I struggled with adjusting when I returned. I didn’t do well in large crowds and had difficulty adjusting back to a normal routine. I still feel uncomfortable around crowds or in busy/congested areas. At a year out I am starting to get the itch to get hiking again.
“You have to make the time [for a thru-hike], you will never find 6 months of free time. Don’t just talk about it, be about it. Commit your whole life to making it happen. It will be the greatest gift you ever give yourself.”
What advice would you give to would-be thru-hikers?
I wish I had done it 10 years ago, but I’m glad I didn’t wait another 10. You have to make the time, you will never find 6 months of free time. Don’t just talk about it, be about it. Commit your whole life to making it happen. It will be the greatest gift you ever give yourself.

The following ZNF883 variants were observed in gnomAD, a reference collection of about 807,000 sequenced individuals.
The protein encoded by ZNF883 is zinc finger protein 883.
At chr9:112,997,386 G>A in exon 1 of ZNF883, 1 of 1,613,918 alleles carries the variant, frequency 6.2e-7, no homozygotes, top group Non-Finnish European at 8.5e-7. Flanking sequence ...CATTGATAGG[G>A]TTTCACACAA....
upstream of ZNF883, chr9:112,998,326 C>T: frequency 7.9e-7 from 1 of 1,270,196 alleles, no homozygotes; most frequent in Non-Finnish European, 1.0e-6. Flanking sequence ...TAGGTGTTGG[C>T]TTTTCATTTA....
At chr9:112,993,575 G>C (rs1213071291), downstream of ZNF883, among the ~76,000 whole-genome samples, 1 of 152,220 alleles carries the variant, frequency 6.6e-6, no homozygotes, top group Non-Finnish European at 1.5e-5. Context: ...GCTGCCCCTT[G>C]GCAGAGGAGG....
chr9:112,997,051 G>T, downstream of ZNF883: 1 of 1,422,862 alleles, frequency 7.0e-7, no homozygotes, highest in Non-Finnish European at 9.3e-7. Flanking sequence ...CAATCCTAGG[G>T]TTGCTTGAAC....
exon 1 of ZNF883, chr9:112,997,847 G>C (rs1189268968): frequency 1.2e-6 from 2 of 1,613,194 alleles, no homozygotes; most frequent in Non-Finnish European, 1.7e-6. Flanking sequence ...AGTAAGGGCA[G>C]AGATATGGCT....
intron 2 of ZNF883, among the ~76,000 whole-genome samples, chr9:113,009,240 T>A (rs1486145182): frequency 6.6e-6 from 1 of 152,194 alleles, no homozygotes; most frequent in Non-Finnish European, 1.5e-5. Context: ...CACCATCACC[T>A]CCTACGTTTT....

Where would you recommend a potential thru-hiker to begin the process of planning a thru-hike?
The two worst reasons to leave a thru-hike are running out of money, and running out of time because of a job. Commit your entire lifestyle and budget to making your thru-hike happen for as long as it takes. Do one thing every day to get you closer to the first white blaze. Once you step foot on the trail, you’ve already beat out the daydreamers.
So what now? Have any future plans?
Yes, I’ll be hiking the Horseshoe Trail in PA at the end of March, as well as, doing trail magic for the AT thru hikers this summer in PA. My 5-year plan includes finishing off the Triple Crown* starting with the PCT in 2018.
*(Note: The Triple Crown is the successful thru-hiking of America’s three most popular trails: the Appalachian Trail [AT], the Pacific Crest Trail [PCT], and the Continental Divide Trail [CDT]).